expert designated by the High Commissioner on the situation in Haiti
and we have two new resolutions for this session one on the
culture of peace and another one on the rights of intersex persons.
That's it for
Thank you.
Thank you very much. Let me see if there are questions in
room or online. Let
me have a look.
I don't see any
good luck for this.
Just wanted to add that I will send you the list
of all the resolution this afternoon in the running order.
Ok, thank you.
OK, so let's go to now
to Lilongwe,
where we have our colleague Paul Turnbull,
who is the country director for Malawi of
the World Food Programme Welcome Paul And thank
you very much for being here to brief the journalists in the UN in Geneva.
It's about the situation in Malawi over the draught.
I'll give you the floor, please.
Thank you for joining us today.
I appreciate this opportunity to shed light on the critical situation in
Malawi following the recent declaration of a state of disaster by President
The declaration on the 23rd of March understa understates
the sorry underscores the gravity of the harsh impact of El Nino
in Malawi
in 23 out of 28 districts in Malawi,
El Nino conditions are pushing around 40% of Malawi's population
of over 20 million into hunger threatening lives and livelihoods.
Prolonged dry spells have damaged crops at critical
stages of growth in southern and central regions,
while flooding has washed away crops in some
of the districts in northern and central regions.
The El Nino event has compounded existing vulnerabilities in Malawi,
which is still suffering from the impacts of tropical storms and
cyclones in 2022 and 2023 as well as a faltering economy.
As national maize stocks are running very low,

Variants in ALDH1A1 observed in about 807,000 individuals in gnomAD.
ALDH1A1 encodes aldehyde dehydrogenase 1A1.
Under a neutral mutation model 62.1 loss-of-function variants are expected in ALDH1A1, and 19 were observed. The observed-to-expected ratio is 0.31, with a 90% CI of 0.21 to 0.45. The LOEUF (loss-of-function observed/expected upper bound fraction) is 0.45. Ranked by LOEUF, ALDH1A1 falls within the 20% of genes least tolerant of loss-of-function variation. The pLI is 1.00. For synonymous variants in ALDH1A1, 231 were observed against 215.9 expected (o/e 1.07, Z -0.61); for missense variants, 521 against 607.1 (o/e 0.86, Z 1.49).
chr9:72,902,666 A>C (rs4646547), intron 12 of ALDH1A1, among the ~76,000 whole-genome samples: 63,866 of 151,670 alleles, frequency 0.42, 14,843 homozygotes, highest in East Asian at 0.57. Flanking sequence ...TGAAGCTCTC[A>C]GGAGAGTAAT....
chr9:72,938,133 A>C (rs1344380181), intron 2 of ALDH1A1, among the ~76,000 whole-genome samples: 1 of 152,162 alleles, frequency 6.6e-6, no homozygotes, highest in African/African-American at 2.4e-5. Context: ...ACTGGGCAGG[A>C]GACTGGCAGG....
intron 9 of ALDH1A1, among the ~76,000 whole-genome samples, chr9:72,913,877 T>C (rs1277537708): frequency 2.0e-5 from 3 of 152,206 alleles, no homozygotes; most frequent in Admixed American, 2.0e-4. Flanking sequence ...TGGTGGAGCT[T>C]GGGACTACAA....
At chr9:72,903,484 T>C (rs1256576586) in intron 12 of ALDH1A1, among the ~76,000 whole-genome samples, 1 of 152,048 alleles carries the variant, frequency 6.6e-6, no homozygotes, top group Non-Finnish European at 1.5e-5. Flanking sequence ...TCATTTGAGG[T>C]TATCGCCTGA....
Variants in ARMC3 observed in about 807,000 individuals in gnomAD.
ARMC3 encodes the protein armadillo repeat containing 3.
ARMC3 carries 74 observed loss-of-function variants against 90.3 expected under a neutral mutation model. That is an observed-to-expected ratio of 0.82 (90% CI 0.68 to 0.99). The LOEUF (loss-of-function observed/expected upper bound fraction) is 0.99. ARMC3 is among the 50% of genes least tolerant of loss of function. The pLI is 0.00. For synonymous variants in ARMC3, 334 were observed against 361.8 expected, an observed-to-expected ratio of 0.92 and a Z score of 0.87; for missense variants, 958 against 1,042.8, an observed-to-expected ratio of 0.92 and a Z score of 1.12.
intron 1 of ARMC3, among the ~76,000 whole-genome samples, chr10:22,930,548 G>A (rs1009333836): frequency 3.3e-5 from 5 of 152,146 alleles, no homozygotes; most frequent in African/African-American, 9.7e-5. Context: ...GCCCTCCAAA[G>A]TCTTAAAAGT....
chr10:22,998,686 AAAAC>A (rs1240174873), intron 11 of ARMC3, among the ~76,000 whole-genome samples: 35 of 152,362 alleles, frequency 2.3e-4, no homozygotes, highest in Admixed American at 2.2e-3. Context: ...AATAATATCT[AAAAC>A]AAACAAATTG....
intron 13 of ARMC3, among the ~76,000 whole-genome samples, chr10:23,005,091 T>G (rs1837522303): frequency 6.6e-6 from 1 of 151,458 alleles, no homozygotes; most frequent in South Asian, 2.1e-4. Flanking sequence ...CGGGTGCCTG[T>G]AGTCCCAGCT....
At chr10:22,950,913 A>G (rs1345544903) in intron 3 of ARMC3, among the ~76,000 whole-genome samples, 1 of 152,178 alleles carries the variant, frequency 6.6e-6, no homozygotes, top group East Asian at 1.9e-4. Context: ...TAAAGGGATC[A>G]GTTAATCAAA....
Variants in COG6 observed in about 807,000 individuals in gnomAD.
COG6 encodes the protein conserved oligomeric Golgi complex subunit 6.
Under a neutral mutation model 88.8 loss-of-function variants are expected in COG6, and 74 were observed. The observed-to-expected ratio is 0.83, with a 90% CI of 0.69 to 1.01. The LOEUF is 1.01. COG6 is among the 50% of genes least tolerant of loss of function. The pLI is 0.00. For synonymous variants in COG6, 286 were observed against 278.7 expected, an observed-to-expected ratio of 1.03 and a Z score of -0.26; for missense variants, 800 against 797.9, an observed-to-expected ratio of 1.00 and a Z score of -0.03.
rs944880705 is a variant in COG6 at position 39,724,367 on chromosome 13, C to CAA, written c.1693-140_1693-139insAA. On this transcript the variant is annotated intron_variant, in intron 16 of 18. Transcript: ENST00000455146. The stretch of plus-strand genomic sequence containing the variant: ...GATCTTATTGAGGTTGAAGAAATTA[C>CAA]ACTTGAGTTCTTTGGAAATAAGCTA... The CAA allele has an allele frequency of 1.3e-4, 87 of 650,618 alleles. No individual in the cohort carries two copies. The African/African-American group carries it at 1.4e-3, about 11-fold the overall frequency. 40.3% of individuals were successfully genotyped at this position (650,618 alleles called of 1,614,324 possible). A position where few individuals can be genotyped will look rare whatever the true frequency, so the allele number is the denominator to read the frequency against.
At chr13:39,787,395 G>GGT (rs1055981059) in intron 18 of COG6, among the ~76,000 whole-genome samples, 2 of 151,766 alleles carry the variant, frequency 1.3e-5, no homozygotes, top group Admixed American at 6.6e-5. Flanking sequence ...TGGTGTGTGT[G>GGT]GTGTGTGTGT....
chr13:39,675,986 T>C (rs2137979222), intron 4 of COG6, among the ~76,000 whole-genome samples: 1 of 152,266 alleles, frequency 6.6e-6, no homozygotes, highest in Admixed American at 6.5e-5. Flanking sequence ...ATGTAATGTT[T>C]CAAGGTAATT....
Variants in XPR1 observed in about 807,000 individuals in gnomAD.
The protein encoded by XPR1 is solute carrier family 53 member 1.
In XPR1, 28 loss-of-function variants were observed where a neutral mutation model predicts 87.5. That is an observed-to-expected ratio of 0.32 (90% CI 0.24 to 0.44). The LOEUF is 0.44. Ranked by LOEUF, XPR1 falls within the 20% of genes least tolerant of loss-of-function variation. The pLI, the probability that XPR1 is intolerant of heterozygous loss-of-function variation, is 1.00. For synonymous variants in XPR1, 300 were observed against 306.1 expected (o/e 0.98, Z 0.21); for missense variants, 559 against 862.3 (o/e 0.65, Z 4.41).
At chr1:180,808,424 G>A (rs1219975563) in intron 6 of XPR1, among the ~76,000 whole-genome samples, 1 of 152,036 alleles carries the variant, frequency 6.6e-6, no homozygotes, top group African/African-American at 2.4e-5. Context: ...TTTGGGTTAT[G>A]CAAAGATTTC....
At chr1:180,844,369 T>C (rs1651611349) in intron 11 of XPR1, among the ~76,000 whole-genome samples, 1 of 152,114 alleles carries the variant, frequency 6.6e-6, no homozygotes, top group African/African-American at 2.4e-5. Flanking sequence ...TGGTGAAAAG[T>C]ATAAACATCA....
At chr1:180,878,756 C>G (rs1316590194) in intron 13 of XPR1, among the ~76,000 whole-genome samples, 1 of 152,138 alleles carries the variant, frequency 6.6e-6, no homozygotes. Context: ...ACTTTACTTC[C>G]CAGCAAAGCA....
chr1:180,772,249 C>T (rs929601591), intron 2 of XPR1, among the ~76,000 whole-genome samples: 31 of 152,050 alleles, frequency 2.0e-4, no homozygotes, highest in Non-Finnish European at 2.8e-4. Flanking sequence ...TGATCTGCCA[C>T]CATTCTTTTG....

Malawi has been forced to import staple commodities and
food prices have already been at alarming levels.
For example,
the prices of maize in 2023 were double the prices of the
previous year and were triple those of the five year average,
with over 80% of the population relying on agriculture to cover their basic needs,
the steep decline in production of stable crops
will be devastating for millions of people.
The adverse effects of El Nino on food production threatens livelihoods,
food security and nutrition
acutely food insecure households are at risk
of having to resort to negative coping strategies
such as
skipping meals, smaller food portions
and adults not eating so that young Children can eat.
There has been a surge in cases of Children
with moderate acute malnutrition and severe acute malnutrition,
which is expected to become worse this year.
The strain on families also risks increasing protection issues,
particularly impacting girls and women.
The government's preliminary estimate is that close
to 2 million farming households are affected.
President Chua
emphasised the need
for a scale up of humanitarian assistance,
particularly in providing food assistance to those at risk of hunger.
He called upon various stakeholders, including Malawians Development Partners,
international organisations NGO S
and the private sector
to contribute resources to address the humanitarian crisis
in a co ordinated effort led by the Department of Disaster Management Affairs.
The estimated requirement
of 600,000 tonnes of maize for the humanitarian
response programme highlights the scale of the crisis.
WFP will do its part
of Malawi's food assistance requirements and we are calling for
an urgent scale up of the humanitarian response in Malawi
in line with the scale of the needs,
the early onset of the 2024 2025 lean season poses significant challenges.
Normally, the lean season starts in October
this year. It could start as early as July in the worst affected districts.
The regional impact of El Nino in southern
Africa and the consequent surge in demand for maize
raises concerns about shortages in the region.
Most importantly, sourcing maize from outside the region EG from Argentina,
Brazil, the Black Sea ports or Mexico
would entail a lead time of 3 to 4 months.